Labor Shortages, Input Costs Concern Producers

Tifton, GA |

Down in Tifton recently, the University of Georgia held their yearly Ag Forecast – an event that’s meant to give insight into the ag economy for the coming year. This year, attendees got to hear first-hand insight as an industry panel discussed the challenges they’ve seen. One of the panelists was Will Bentley, President of the Georgia Agribusiness Council, who says farmers and producers are getting hit from all sides, but labor and input prices are by far their biggest concern.

“I think our farmers are facing some of the issues that they faced over the last several years, labor being a key component to the challenges in agriculture, whether that’s H-2A labor, whether that’s just normal farm labor, equipment operators, or even on the business sector. We’re seeing kind of a labor shortage in every sector of our industry. For our farmers unfortunately, I think it’s going to be a tight year for commodity prices, but also going to see, if not increased at least still high input costs. So, any time you have a lower commodity price, but input costs are still high, it’s going to be a tough year,” says Will Bentley, President of the Georgia Agribusiness Council.

One person that knows that all too well is Karla Thompson, Vice President of JET Farms Georgia, who says that finding good, reliable labor is by far their biggest challenge.

“Our number one challenge right now in our operation, and that’s across every aspect, is finding good help. So, we are in a small town in a rural area. There’s not a huge labor pool to begin with. And the types of jobs that we need help with are skilled jobs. So, finding people to fill those spots and people that have the flexibility to help with the harvest side, that can be really challenging,” says Thompson.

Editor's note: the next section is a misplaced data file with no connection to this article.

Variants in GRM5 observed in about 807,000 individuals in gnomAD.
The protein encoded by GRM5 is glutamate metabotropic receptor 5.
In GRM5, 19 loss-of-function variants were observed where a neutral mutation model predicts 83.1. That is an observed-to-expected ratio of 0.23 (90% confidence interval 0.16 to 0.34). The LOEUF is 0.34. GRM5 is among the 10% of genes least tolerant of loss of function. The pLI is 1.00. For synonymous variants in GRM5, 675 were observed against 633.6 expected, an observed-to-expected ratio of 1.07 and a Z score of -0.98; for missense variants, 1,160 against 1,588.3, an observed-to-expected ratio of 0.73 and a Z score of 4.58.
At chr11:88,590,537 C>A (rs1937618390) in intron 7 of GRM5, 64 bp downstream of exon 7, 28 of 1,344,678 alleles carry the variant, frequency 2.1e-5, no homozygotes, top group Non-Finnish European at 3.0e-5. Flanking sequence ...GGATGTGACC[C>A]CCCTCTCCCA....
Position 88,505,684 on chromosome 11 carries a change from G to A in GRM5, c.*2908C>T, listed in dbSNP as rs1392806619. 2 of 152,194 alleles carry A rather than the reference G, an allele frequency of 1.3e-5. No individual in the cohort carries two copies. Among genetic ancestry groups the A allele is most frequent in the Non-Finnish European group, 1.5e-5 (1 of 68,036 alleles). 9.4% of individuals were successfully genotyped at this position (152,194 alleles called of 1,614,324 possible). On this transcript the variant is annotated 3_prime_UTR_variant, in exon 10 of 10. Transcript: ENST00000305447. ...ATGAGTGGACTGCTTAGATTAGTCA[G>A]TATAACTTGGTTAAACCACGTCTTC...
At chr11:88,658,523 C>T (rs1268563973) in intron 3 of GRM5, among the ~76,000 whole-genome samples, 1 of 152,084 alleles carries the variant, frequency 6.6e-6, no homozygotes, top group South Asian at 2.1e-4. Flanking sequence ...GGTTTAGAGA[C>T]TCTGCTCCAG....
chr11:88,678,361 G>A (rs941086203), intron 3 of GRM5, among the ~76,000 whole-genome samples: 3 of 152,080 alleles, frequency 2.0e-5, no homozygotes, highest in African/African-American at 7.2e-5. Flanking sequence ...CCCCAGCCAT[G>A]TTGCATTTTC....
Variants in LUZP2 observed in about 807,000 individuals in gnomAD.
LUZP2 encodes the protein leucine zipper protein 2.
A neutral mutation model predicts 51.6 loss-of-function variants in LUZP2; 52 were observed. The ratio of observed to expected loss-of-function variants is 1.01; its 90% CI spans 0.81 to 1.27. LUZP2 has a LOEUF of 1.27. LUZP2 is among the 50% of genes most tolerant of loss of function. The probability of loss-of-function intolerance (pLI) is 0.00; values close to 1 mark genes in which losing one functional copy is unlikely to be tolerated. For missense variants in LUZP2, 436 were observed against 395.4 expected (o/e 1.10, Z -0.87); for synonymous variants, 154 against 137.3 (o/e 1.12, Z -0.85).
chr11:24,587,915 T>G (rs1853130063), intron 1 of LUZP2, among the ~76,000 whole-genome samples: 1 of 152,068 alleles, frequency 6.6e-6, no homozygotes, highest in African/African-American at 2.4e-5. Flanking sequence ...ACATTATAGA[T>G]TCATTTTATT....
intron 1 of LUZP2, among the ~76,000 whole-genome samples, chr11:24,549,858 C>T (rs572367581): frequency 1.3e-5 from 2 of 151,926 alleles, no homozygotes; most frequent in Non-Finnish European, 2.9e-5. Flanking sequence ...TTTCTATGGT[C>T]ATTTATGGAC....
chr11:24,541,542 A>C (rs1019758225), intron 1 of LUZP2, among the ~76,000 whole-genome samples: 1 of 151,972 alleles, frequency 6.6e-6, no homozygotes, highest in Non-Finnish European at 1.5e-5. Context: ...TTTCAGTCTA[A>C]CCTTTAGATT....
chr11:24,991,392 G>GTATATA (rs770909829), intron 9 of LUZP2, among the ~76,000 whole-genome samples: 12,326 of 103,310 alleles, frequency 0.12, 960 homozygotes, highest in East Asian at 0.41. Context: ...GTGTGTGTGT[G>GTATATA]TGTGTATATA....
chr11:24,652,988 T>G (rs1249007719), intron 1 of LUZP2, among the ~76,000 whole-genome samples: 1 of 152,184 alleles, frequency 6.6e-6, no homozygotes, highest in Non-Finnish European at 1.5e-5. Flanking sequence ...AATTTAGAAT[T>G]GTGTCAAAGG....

According to Thompson, the reason why labor is such a problem for them is due to how labor issues end up affecting their entire operation, so much so that they’ve had to let produce go to waste because they couldn’t get it out of the field.

“It really does affect all facets of our operation be it from harvest to planting to even finding people to help work in the office. So, on the harvest side, where it really gets to be a problem is if we don’t have enough labor to harvest the, the product from the field, that’s especially a big deal when you come, when you look at sweet corn, green beans, blueberries, they don’t store. They have to be harvested at the right time or, or they’re no good,” says Thompson.

According to Bentley, to make matters worse, he says that policies and mandates have put even more burden and stress on farmers.

“We’re looking at mandates being passed down from the federal government dealing with adverse wage prices and increases for our fruit vegetable growers that utilize the H-2A program. We’re seeing more mandates on some of the crop protection products that we use that are very productive for our farmers. We’re seeing a tighter fertilizer supply and different things like that, that are a little bit more policy driven. So, when the economics are tight, we want to make sure that our government is not piling on and hurting our farmers even further,” says Bentley.

By: John Holcomb